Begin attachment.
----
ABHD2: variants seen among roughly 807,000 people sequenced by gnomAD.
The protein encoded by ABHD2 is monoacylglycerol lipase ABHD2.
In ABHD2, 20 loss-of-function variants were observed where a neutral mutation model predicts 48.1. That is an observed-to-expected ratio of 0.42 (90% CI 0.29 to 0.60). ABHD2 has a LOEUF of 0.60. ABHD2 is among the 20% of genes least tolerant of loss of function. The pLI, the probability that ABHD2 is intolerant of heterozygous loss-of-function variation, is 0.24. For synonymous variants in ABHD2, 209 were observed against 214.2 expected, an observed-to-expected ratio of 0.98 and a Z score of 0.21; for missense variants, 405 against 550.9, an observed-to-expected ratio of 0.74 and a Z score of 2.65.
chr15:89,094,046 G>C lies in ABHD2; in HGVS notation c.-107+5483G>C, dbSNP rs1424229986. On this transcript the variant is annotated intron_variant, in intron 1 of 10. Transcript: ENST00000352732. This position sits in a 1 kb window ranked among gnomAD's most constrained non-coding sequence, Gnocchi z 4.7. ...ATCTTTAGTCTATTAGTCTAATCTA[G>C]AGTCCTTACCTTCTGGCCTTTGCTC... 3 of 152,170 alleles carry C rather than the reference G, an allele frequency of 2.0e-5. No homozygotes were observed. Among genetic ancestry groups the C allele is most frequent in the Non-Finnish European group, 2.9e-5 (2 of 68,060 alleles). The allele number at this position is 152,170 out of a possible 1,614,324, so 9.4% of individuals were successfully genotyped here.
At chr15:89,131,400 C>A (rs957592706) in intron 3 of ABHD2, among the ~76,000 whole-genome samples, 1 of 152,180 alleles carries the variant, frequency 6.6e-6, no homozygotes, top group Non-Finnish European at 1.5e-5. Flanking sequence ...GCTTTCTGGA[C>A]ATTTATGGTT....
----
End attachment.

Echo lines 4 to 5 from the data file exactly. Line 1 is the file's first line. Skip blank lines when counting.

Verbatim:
chr15:89,094,046 G>C lies in ABHD2; in HGVS notation c.-107+5483G>C, dbSNP rs1424229986. On this transcript the variant is annotated intron_variant, in intron 1 of 10. Transcript: ENST00000352732. This position sits in a 1 kb window ranked among gnomAD's most constrained non-coding sequence, Gnocchi z 4.7. ...ATCTTTAGTCTATTAGTCTAATCTA[G>C]AGTCCTTACCTTCTGGCCTTTGCTC... 3 of 152,170 alleles carry C rather than the reference G, an allele frequency of 2.0e-5. No homozygotes were observed. Among genetic ancestry groups the C allele is most frequent in the Non-Finnish European group, 2.9e-5 (2 of 68,060 alleles). The allele number at this position is 152,170 out of a possible 1,614,324, so 9.4% of individuals were successfully genotyped here.
At chr15:89,131,400 C>A (rs957592706) in intron 3 of ABHD2, among the ~76,000 whole-genome samples, 1 of 152,180 alleles carries the variant, frequency 6.6e-6, no homozygotes, top group Non-Finnish European at 1.5e-5. Flanking sequence ...GCTTTCTGGA[C>A]ATTTATGGTT....